The plot is more or less the same with an American research base in the Arctic falling prey to a mysterious alien threat., Rather than a six-foot-eight carrot played by James Arness, here the threat is a shape shifting creature that can mimic anybody perfectly. It's a wonderful plot device as Carpenter is able to generate tremendous amounts of suspense simply by not letting on who is really human and who is the alien until it's too late. At that point, he lets Rob Bottin off his meds and the f/x blow your mind.
Bottin's f/x are simply amazing and still hold up today. He gives us slimy creatures, whipping tentacles and fused together monstrosities that are utterly, repulsively horrifying. Stan "Winston also chips in with an f/x sequence revolving around the base's dogs that is just awesome. It's not often that the f/x work in a 32 year old movie hold up this well. It certainly helps that the film was made right in the middle of the boom in practical makeup f/x and managed to snag not one but two of the best in the business.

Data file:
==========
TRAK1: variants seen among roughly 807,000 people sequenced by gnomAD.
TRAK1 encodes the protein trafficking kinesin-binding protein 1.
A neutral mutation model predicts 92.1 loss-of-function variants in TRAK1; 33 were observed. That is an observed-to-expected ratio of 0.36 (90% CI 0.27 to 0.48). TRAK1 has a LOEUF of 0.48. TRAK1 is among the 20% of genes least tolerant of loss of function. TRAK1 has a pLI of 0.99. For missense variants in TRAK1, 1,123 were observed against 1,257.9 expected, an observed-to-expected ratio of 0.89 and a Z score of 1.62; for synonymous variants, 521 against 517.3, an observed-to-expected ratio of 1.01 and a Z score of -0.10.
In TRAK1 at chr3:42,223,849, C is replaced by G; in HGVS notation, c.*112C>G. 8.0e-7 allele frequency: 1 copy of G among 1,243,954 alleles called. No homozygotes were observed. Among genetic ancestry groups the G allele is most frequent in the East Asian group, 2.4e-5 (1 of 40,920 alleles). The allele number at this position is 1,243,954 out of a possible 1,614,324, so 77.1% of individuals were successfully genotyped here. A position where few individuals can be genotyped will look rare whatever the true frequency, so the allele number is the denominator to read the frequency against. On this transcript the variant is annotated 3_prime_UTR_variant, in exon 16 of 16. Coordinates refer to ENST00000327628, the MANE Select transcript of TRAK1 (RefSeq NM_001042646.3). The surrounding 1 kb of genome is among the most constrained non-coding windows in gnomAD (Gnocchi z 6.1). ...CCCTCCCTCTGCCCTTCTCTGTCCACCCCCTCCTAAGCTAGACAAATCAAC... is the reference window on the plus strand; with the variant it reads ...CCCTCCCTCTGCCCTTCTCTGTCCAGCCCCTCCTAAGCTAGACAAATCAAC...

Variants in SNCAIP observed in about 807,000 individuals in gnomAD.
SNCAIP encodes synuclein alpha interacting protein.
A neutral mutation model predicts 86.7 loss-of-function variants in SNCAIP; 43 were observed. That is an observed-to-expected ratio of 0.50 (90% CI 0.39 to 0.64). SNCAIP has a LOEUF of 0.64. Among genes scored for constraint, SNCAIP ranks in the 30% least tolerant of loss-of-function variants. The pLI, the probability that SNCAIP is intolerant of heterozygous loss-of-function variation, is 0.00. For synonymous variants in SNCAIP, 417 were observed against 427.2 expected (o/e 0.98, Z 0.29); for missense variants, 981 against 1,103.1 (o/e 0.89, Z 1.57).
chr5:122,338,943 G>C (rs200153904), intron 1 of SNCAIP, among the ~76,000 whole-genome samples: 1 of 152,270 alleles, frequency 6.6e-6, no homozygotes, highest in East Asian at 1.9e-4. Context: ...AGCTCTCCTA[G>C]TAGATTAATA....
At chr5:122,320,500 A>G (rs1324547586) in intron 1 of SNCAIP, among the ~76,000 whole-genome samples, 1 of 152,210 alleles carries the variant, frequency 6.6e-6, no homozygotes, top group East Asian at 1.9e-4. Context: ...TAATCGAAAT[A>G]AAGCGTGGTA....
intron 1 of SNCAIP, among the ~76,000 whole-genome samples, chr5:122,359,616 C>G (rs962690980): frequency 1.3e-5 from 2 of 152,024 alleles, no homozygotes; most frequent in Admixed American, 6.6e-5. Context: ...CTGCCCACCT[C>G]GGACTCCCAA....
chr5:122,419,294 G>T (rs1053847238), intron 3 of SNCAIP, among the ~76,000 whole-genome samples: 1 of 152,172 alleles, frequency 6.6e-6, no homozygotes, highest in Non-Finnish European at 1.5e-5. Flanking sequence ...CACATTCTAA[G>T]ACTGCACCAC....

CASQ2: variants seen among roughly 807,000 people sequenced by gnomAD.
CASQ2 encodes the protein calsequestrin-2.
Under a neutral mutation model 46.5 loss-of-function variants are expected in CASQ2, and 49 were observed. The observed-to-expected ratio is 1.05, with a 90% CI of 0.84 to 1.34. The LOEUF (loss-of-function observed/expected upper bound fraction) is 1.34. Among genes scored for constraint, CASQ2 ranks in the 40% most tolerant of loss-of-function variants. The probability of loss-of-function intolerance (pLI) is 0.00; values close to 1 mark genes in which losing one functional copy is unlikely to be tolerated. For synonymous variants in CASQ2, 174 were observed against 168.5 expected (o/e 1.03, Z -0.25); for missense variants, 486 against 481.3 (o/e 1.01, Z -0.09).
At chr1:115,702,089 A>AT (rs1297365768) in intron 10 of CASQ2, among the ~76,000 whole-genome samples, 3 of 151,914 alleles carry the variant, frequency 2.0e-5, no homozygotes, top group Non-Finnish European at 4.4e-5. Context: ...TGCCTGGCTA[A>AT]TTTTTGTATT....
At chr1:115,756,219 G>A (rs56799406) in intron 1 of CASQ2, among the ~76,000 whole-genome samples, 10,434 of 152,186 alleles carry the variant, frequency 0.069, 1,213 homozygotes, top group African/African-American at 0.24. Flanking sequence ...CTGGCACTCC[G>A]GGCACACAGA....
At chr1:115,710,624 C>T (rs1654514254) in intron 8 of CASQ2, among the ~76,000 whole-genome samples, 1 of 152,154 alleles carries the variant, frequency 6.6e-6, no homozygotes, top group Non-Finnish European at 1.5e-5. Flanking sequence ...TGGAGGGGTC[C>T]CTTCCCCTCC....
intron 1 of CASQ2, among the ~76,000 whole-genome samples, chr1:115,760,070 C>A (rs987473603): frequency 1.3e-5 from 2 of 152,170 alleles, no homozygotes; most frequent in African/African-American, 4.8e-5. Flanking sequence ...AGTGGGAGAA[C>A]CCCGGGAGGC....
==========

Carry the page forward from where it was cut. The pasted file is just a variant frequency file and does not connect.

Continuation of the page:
The cast is also uniformly excellent with Kurt Russell standing out, naturally with his huge beard and cowboy hat. Mix in a distinctly laconic attitude and you get one of his best roles. MacReady is one of his great acting creations. The rest of the cast is solid too with Richard Dysart's doctor and Keith David making a good impression. Wilford Brimley is also fun in his role.
The other star of the film is the camera work from Dean Cundey. Always one of the best in his field, he makes the camera pov shots almost a character in themselves. Carpenter always excels at long tracking shots and he uses them here to spectacular effect. There is one shot with the infected dog that starts the whole mess that is just great.
The Thing is Carpenter's crowning cinematic achievement. Tense, well acted, well shot with a nicely sparse score from Ennio Morricone and scary as hell, it is possibly the best remake of all time to say nothing of one of the best horror films ever made.